To the surprise of many, credit card debt has actually decreased during the pandemic. Consumers seem to have done a very good job watching their money and making wise choices during this very difficult time.
But now the holidays are upon us, and the urge to spend and give is greatly increased. According to a investigation per the National Retail Foundation, the average shopper will spend $998 during the holidays this year. And a lot of that will be charged on that plastic card that has such a high interest rate.
What can you do to avoid getting into massive debt on your credit card during this wonderful time of year? Here are 10 ideas to avoid increasing your account balance.
1) Start with a firm budget for the vacation. It is not easy to make a precise budget for this moment of donation but it is essential not to go into debt. Start by taking a look at what you spent last year on all of your holiday expenses, including gifts, decorations, travel, Christmas cards, and even stamps. Decide on an amount for 2020.
2) Then make a gift list and stick to it. Decide how much you want to spend on each person and keep your spending as close to that figure as possible. Keep track of your spending so you know if any adjustments need to be made as you delete your listing.
3) The best way to stick to your budget and not fall into the trap of impulse spending is to pay cash. Studies have shown that consumers spend less when paying in cash. This can act as a mild deterrent to overspending.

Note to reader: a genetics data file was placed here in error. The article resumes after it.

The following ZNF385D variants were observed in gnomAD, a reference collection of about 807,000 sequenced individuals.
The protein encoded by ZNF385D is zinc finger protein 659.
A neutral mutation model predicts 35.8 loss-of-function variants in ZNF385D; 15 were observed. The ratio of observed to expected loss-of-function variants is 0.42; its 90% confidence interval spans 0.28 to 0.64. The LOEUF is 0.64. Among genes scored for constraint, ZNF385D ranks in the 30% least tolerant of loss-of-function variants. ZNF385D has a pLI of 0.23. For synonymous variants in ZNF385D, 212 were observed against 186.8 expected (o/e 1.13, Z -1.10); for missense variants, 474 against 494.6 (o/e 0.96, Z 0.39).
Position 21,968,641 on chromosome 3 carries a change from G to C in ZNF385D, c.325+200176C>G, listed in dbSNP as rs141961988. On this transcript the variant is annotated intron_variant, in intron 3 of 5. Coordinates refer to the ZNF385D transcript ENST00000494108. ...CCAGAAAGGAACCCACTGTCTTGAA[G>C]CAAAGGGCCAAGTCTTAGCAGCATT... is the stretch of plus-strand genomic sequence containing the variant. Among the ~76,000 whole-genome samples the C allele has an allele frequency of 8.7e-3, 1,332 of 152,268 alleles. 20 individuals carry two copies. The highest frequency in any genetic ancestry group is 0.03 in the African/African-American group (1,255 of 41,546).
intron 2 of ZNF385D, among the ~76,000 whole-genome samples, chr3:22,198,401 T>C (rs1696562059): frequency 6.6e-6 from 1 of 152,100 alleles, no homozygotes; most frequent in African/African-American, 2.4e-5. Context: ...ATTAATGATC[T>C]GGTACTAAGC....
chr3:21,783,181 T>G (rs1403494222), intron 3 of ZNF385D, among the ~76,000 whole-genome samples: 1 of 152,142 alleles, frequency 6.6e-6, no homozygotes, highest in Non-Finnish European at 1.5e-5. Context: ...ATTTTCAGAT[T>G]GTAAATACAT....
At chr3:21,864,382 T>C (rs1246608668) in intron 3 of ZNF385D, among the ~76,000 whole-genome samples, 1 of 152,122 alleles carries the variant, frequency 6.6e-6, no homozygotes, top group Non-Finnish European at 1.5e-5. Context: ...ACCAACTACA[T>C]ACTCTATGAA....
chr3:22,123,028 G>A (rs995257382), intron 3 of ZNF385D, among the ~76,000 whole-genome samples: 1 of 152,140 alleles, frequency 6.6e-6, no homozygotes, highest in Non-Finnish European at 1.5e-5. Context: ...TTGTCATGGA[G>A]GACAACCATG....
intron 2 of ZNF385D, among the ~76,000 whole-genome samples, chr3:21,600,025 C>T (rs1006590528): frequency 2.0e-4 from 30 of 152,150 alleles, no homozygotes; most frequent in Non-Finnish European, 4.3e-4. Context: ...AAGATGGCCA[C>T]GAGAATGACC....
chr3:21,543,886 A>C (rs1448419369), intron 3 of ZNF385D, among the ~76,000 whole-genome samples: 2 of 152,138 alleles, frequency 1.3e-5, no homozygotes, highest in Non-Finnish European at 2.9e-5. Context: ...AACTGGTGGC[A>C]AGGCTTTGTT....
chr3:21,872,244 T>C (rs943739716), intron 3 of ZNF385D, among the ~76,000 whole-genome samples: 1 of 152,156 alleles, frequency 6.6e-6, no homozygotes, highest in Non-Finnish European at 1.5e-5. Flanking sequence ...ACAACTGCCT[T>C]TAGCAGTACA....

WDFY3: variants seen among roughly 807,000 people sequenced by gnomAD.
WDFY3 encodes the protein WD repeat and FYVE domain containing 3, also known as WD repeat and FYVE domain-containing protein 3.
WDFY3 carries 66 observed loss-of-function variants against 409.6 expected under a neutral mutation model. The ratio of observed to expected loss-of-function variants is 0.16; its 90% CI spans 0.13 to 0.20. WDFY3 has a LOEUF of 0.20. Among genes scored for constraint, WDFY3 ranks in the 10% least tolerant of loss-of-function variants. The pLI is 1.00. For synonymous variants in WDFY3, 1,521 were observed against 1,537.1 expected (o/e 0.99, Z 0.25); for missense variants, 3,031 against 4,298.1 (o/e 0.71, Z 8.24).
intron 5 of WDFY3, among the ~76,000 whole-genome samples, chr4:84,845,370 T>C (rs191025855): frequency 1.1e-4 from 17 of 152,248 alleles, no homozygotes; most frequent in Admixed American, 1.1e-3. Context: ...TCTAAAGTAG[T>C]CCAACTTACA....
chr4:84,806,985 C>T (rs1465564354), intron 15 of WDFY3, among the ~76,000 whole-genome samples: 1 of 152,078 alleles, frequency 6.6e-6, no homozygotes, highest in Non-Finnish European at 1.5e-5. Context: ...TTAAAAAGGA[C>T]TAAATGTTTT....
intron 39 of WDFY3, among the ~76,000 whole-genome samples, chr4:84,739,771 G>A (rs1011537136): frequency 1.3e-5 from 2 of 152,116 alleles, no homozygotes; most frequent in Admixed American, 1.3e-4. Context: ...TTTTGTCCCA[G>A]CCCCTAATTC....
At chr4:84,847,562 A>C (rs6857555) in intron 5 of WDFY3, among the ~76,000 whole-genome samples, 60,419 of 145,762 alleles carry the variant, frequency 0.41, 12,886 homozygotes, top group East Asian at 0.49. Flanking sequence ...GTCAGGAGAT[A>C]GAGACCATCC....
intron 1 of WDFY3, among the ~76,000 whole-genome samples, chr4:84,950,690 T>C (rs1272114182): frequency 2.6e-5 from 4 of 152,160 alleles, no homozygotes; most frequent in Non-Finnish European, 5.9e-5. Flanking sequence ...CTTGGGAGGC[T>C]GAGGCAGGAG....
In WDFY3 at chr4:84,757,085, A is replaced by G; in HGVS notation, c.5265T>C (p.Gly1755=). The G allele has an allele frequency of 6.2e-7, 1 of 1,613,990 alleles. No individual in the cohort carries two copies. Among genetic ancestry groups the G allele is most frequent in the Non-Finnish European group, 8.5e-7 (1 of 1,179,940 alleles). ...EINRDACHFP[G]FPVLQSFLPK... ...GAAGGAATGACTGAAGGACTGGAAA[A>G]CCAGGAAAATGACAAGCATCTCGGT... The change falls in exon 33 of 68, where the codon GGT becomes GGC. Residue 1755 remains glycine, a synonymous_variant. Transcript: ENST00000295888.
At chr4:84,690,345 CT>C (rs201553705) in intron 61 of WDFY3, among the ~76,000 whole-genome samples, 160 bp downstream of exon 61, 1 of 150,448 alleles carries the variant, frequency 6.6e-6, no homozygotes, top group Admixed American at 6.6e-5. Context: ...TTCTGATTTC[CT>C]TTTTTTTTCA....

4) If you have credit card debt before the holidays, you don’t have to charge anything extra to your account. credit card in December. Adding to your existing debt is one of the worst financial decisions you can make. If your card’s APR is 20%, approach a spend of $100 as an actual spend of $120. This might entice you to pay cash.
5) Before making your first vacation purchase, check the credit limit on each credit card you use. By some estimates, nearly a third of credit card consumers have seen their card’s credit limit reduced during the pandemic. If you don’t know your limit has been lowered, you may unknowingly go over your credit limit. This can cause significant issues, including a lower credit score and a much higher APR.
6) Some credit cards have a price protection feature, allowing cardholders to get a refund if the price of an item charged to your card drops for a certain amount of time. So pay attention to the price of the item after purchasing it. You may need to record the purchase online and retain your receipts as proof of purchase.
7) If you intend to carry a balance on your credit card account, it won’t hurt to contact your issuer and ask for a lower interest rate. Any decrease in your APR will save you a good amount of money in the long run.
8) Avoid using those obnoxious and expensive convenience checks that sometimes appear on your credit card statement. These promotional checks look like free money, with 0% offers in bold. They may look good, but there’s usually a 3% or 4% fee for using these checks and they may charge an even higher interest rate.
9) Use rewards points or cash rewards from your card for holiday shopping. These can be used to purchase gift cards from many retailers, sometimes at a great price. Purchasing gifts in this manner will not take money out of your pocket or add additional dollars to your credit card balance.
10) Set expectations for exchanging gifts. Setting expectations with your friends and family members is a great way for each of you to limit your spending. It is increasingly common for family and friends to set an amount for a gift exchange. This helps you stick to your budget.